Massachusetts Banning Bake Sales?

Recent discussion has caught the attention of local moms.

Few news stories recently have caused quite as much discussion among moms as the recent news that Massachusetts is looking towards banning the time honored tradition of the bake sale.

According to recent news coverage, as of August 1 everything from bakes sales to special “treats” for achievements will be banned during the school day. 

In addition, lawmakers are also pushing for strict rules regarding food at after school events and fundraising.

Now, it’s not that the bake sale is the end all be all of social occasions. It’s not that we, as moms, look forward to spending all day baking cupcakes and cookies to sell to the masses. It’s not even that bake sales and other “food orientated” events are the only possible way to raise money for schools and other non profits. Frankly, it’s that these events are a whole lot of fun for our kids and, at the same time, benefit our school and sports programs.

Now, I’m not saying that kids can’t have a good time without junk food but, reality is, on certain occasions it really does make things fun. 

Take for example the time honored tradition of the ice cream social. Honestly, what can possibly be more fun for an elementary school student than watching the school principal roll up his or her sleeves and start scooping the ice cream for each student’s make your own sundae? I’m sorry but I just don’t think that “make your own salad” would provide quite the same effect.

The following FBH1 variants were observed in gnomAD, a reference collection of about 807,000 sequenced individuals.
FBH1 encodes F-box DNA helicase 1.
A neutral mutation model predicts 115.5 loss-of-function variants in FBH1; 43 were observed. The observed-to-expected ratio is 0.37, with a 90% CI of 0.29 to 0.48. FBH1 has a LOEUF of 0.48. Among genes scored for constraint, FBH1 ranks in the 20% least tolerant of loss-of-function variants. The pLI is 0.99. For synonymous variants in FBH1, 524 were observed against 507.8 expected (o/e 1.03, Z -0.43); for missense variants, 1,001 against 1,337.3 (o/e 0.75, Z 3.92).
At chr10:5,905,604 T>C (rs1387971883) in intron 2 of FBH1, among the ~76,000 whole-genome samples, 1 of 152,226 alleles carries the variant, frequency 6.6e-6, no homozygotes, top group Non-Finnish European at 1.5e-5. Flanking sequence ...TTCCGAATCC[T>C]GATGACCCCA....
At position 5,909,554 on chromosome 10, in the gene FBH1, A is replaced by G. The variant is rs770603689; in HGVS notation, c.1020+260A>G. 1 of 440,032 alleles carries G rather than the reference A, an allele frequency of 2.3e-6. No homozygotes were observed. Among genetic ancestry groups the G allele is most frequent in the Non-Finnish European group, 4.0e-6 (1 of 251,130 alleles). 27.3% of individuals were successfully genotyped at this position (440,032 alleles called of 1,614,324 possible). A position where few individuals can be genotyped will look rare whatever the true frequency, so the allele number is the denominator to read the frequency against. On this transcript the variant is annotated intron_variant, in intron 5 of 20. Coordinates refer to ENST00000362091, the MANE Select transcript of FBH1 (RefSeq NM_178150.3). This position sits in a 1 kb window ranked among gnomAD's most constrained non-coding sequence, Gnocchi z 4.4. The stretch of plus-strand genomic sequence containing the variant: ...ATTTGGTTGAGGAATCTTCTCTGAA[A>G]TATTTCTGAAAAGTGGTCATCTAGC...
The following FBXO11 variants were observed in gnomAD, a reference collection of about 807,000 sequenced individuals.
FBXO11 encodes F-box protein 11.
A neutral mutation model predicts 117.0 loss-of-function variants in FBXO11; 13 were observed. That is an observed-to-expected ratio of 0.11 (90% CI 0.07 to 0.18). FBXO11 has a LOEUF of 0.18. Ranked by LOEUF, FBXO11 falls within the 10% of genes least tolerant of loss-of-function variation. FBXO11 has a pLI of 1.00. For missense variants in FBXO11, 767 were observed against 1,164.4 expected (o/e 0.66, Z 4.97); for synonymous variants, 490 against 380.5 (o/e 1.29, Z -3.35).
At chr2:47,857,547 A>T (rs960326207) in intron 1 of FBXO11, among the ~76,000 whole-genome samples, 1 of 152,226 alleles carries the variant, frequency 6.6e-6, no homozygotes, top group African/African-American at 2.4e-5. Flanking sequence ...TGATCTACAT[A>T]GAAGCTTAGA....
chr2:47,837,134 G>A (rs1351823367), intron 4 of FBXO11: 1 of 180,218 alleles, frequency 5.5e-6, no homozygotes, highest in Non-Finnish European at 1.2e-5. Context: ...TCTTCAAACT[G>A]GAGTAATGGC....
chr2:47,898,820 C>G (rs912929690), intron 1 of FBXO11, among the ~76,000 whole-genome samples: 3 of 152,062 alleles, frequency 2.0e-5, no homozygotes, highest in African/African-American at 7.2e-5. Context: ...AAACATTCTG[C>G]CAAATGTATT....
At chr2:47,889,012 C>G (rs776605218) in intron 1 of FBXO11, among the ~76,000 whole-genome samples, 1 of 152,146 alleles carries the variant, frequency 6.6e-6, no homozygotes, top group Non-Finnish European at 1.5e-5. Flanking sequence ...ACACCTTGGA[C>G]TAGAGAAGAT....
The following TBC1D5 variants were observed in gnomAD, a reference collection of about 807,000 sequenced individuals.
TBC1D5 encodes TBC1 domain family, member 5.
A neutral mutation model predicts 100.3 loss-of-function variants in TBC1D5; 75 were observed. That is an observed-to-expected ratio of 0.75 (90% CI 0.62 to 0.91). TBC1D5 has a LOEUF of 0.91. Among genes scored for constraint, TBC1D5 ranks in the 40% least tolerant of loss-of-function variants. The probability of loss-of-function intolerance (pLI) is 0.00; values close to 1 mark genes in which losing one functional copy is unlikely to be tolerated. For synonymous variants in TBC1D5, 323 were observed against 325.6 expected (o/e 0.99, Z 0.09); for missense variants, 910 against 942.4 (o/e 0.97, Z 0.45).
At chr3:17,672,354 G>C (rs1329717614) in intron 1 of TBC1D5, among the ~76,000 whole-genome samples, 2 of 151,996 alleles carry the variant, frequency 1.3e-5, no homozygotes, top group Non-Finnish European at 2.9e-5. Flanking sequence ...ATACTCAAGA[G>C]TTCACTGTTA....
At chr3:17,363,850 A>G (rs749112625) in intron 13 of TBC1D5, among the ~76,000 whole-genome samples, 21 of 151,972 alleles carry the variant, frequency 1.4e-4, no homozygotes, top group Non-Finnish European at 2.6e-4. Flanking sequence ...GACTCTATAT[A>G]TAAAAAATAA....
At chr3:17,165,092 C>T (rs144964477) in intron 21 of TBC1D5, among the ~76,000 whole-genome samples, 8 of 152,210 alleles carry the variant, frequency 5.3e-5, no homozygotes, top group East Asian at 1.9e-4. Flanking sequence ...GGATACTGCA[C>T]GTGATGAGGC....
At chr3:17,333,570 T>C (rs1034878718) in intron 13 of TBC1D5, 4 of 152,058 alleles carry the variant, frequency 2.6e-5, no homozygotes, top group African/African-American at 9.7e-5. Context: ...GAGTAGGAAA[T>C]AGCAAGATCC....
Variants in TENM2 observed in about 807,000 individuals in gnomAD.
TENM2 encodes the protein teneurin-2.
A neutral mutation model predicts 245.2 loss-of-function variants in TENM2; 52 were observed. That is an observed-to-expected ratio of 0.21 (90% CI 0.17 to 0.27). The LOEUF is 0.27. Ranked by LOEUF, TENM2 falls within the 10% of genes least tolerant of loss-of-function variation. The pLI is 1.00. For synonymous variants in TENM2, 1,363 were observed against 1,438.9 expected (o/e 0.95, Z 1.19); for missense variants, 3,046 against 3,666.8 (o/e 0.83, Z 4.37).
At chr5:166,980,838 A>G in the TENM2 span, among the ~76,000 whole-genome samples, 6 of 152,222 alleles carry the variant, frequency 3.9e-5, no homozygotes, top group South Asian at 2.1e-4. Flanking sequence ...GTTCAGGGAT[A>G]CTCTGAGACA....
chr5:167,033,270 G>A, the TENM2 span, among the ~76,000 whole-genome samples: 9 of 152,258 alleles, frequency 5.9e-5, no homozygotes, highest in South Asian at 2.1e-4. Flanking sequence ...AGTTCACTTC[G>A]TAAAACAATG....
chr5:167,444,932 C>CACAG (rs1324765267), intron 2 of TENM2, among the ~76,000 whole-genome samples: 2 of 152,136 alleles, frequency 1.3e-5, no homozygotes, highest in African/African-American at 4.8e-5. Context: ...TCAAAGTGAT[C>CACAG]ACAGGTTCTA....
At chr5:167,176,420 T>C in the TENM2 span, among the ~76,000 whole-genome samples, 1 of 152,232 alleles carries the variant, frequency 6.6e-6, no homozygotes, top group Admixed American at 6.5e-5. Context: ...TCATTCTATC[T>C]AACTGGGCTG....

Does that mean that it should happen every night? No, of course not, but aren’t kids allowed a chance to let loose and have some fun just as much as adults?

Shouldn’t we, as adults be trying to teach our kids about living life with a good, healthy balance? Shouldn’t we be teaching them to know their limits and find a way to live with a healthy attitude as well as a healthy diet?

Yes, I absolutely can not deny that there is a huge problem with childhood obesity in today’s society but is banning any and all high calorie foods at school events truly the answer?

What happens, then, when kids grow up and start living in the real world where decisions aren’t made for them? If we don’t provide them with coping skills and tools today how will they know what good decisions really are when they are on their own?

Shouldn’t educating kids as well as their parents about good health and good choices be our first priority? Isn’t it more important for kids to have three good, healthy meals each and every day than to worry about a cupcake or two on a special occasion?

I can’t lie. I have a reputation for being the mom who bakes and hands out “Wildcat Blue” cupcakes after sporting events on a regular basis. I have gotten quite a few thank you’s, a whole lot of smiles and, frankly, more satisfaction than you could imagine. 

Have I done harm to any of the kids that I’ve handed a cupcake to? I certainly hope not. I prefer to think that I’ve shown them that somebody cares enough to make them a special treat for a job well done.